“I do not normally provide detailed operational reviews on such matters at board meetings, but unfortunately this incident was the subject of a massive amount of misinformation online, in mainstream media and within the community,” Sloly said.

The police board received the same update one month ago at its January meeting in an in-camera portion of the meeting that was hidden from the public.

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Sloly said the incident took place on Dec. 27, 2020 at St. Laurent mall at approximately 7 p.m. when, according to a letter from the mall’s security manager read aloud by the chief, “a passenger car parked within the fixed view of one of our security cameras.”

The mall security guard took control of the camera to further investigate and “then observed a person in the passenger seat wearing a ski mask and holding what credibly appeared to be a handgun,” Sloly said.

Narrating the still image on the screen, Sloly said: “This image clearly shows a man in a car, wearing a ski mask and holding a handgun.

“This handgun looks real. It is, in fact, an almost perfect replica of a 9-mm Beretta handgun. It has the exact look, weight and feel of the real model. For the average person, it is almost indistinguishable.”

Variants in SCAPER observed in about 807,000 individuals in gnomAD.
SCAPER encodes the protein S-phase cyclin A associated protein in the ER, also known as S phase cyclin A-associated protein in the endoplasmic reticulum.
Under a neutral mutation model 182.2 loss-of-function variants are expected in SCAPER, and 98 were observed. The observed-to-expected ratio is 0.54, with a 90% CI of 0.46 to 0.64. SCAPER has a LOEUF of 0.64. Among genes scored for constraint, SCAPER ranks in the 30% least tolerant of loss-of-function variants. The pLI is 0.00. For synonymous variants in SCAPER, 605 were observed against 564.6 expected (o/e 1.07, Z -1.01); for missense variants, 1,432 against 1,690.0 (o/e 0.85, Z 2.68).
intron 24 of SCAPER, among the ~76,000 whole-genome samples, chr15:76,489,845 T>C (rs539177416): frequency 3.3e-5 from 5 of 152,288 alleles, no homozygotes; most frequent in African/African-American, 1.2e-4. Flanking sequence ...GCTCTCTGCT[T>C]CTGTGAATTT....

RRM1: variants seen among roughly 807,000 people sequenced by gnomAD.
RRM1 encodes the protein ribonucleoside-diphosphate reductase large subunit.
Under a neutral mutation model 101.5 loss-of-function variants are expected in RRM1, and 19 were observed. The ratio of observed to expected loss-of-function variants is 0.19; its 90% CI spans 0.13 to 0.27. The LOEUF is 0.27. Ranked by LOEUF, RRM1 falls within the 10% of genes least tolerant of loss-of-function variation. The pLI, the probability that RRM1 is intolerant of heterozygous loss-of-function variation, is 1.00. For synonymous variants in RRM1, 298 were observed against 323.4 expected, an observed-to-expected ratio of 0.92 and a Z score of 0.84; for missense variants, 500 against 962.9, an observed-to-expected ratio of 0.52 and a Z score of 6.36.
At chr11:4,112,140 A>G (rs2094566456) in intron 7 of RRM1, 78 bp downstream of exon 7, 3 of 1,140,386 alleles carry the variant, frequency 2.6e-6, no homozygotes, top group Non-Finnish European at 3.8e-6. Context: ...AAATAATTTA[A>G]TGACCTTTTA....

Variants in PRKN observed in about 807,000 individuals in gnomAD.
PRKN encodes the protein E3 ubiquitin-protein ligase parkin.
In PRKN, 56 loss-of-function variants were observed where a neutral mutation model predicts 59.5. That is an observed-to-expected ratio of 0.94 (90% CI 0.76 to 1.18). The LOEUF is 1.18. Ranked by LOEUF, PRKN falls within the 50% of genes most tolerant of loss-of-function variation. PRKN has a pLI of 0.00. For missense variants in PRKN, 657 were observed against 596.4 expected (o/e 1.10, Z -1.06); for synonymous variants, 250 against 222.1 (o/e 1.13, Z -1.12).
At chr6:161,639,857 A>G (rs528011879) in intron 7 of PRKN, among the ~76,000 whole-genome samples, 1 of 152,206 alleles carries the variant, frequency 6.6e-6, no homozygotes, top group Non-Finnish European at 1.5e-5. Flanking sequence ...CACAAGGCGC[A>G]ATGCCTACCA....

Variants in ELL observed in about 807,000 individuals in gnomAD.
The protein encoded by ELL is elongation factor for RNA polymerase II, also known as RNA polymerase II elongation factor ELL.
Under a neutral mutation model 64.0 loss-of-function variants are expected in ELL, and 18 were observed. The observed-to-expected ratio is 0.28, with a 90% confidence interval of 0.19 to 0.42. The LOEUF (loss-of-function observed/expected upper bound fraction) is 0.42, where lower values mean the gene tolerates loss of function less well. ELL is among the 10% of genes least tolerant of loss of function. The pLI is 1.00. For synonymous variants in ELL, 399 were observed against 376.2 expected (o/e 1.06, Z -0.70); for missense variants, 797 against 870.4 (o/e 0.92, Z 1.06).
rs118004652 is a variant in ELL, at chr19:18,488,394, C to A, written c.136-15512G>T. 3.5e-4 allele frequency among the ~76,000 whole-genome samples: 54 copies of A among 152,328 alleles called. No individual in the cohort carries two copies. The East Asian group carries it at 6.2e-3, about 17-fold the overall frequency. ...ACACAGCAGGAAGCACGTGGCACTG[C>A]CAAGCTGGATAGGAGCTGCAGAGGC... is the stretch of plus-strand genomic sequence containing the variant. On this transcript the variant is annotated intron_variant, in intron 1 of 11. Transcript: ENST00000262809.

The service also showed a close-up of the actual replica handgun seized in the investigation and, later in its presentation, side-by-side images of replica and real firearms.

Sloly told the meeting that police officers arrived within four minutes of being dispatched to the area and were treating it “as a real call for a real crime in progress that involved a group of people armed with a potentially deadly firearms which was taking place at a mall frequented by families and children.”

Sloly said when the officers arrived on scene, they stopped the vehicle “and arrested the … people involved, located the replica handgun and completed the investigation.”

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Sloly said police were told that the group of men were making a video, and had brought a balaclava and the replica handgun as props. Police then released all the arrested people.

“The vehicle stop, the arrest, the location of the replica firearm and the balaclavas, the investigation and the release of the … persons all took place within 20 minutes,” Sloly said. He also told the board that the responding officers advised the group of the appropriate steps to take — like securing permits — when making videos using props.

Sloly said three of the people were “young persons,” who police drove home to their parents.